What would happen if every one of us rang the GDC between Christmas and New Year to pay? If a few thousand registrants rang over that 3 day period it means hundreds of calls would need to be taken every hour by the GDC if they had an 8 hour working day. What if their systems collapsed under the weight of having to take so many online or telephone payments? Apparently they are so arrogant they do not have the facility to take payment in cash, so the very press worthy images of a few hundred dentists turning up with buckets of £1 coins in order to pay are not going to hit the pages of the Daily Mail anytime in the future.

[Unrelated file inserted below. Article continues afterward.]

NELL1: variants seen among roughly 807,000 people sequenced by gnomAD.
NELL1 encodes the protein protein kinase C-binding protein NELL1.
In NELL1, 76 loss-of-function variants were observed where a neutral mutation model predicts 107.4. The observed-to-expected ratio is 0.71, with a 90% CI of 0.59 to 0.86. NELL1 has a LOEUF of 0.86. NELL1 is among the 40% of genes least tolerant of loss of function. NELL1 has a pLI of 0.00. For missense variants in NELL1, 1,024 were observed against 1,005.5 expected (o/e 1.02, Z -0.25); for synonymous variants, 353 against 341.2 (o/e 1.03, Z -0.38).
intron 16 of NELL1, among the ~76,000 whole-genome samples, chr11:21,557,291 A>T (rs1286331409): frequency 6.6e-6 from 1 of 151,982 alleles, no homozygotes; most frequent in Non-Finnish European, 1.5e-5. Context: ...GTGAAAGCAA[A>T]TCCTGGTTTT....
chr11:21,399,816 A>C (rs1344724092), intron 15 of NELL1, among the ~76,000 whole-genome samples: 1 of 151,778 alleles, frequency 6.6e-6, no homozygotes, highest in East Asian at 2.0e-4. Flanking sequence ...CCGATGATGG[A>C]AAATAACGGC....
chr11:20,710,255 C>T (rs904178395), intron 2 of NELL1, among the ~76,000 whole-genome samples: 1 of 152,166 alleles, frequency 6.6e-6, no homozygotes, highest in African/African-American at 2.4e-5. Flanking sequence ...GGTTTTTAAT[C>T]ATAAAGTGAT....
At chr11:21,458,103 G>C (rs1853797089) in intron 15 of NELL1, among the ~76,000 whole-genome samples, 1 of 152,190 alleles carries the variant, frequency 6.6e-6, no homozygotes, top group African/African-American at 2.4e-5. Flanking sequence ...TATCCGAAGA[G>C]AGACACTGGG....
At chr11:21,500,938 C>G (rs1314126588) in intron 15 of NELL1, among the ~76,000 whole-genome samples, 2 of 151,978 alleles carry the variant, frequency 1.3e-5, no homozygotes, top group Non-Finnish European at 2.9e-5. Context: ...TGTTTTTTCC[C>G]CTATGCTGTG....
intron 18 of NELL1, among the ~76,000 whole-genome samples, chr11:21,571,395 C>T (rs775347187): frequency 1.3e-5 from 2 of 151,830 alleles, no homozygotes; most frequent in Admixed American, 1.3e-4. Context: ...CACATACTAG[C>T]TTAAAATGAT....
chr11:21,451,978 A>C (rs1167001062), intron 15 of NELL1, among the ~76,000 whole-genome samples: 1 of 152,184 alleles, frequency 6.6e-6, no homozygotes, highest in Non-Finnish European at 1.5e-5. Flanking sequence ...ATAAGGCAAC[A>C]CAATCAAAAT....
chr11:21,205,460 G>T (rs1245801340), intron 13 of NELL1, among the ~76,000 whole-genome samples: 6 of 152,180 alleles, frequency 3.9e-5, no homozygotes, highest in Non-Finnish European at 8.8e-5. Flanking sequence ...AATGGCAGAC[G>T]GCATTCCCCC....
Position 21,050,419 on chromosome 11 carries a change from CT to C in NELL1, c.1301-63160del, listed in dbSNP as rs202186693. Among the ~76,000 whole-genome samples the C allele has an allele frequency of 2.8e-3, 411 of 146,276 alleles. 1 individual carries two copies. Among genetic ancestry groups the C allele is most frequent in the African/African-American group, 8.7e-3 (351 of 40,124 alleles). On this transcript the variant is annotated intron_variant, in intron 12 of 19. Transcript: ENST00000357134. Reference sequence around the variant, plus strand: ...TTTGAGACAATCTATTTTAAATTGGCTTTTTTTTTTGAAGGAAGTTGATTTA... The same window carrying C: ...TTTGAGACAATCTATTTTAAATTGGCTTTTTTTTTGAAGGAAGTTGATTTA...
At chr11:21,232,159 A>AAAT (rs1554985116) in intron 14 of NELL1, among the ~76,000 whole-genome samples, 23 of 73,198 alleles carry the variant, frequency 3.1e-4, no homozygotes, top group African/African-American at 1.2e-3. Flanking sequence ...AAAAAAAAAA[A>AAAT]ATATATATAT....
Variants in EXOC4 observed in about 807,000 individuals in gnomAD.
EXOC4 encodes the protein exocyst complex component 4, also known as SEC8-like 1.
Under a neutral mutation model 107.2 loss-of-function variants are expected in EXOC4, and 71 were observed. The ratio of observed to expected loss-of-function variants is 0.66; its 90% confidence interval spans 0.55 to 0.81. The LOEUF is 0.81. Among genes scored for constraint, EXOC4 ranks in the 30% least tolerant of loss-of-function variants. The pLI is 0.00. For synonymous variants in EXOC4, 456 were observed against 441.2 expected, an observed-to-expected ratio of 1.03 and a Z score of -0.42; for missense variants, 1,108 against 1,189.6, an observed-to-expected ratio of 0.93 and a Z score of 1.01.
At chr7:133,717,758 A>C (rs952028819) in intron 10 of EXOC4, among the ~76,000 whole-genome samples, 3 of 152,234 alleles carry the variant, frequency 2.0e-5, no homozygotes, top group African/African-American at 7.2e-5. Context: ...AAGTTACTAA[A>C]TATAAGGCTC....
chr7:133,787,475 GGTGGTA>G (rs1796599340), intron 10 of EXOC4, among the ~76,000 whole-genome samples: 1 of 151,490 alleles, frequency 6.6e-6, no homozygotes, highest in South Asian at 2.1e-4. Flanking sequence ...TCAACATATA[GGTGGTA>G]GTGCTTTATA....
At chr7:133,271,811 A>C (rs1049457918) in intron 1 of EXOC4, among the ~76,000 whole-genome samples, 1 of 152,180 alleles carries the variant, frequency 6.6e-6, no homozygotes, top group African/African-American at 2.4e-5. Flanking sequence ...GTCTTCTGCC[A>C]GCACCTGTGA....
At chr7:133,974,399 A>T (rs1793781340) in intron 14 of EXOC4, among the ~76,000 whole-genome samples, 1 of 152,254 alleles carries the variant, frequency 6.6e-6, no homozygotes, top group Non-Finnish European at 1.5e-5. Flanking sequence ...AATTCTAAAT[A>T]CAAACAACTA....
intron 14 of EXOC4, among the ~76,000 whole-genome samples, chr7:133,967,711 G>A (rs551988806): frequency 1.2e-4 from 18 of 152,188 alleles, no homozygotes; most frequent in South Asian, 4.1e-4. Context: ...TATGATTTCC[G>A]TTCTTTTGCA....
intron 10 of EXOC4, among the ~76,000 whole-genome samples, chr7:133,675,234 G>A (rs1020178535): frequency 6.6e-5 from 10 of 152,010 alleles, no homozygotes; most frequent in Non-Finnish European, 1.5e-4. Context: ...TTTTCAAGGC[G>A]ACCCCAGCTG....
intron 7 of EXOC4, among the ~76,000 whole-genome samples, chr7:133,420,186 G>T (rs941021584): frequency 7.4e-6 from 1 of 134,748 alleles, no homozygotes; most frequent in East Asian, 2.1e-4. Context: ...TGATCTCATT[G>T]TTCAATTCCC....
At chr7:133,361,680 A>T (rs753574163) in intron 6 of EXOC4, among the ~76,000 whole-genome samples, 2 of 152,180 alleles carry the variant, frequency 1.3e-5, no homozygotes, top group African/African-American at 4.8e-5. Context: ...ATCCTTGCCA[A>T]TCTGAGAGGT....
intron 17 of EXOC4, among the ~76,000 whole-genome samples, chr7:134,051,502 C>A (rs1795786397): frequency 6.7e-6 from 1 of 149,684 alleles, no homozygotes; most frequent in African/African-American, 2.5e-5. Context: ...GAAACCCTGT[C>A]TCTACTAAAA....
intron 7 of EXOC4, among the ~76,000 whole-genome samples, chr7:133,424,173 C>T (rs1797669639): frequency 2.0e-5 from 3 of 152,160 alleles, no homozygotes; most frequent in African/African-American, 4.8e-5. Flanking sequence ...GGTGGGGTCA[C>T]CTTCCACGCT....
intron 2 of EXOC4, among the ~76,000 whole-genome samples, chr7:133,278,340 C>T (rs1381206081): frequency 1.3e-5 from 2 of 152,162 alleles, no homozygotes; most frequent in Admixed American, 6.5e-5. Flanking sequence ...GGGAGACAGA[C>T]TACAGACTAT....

So what’s wrong with paying £10 on each of 89 cheques, and requesting a receipt for each one?  Or making multiple credit card payments of the same amount? Given that it is also legal to write a cheque on just about anything, may I suggest that a few 6’x4’ pieces of chipboard, properly filled out with sort codes etc delivered to the GDC in Mid-December from registrants wouldn't go amiss. How about arranging a mass payment in between Christmas and New Year, and on the days that the LAT’s insisted we should all be open for normal business? If just 100 of us turned up and wrote cheques out on pairs of boxer shorts (new ones obviously!) that might get some press attention. All at the same time as they're manning the phones taking the card payments above. One idea being floated on Facebook is getting the GDC’s bank account details and paying them directly by BACs. Its actually quite difficult for the GDC to trace who has paid at their end, but we will all have documentary proof at our end that it has been paid.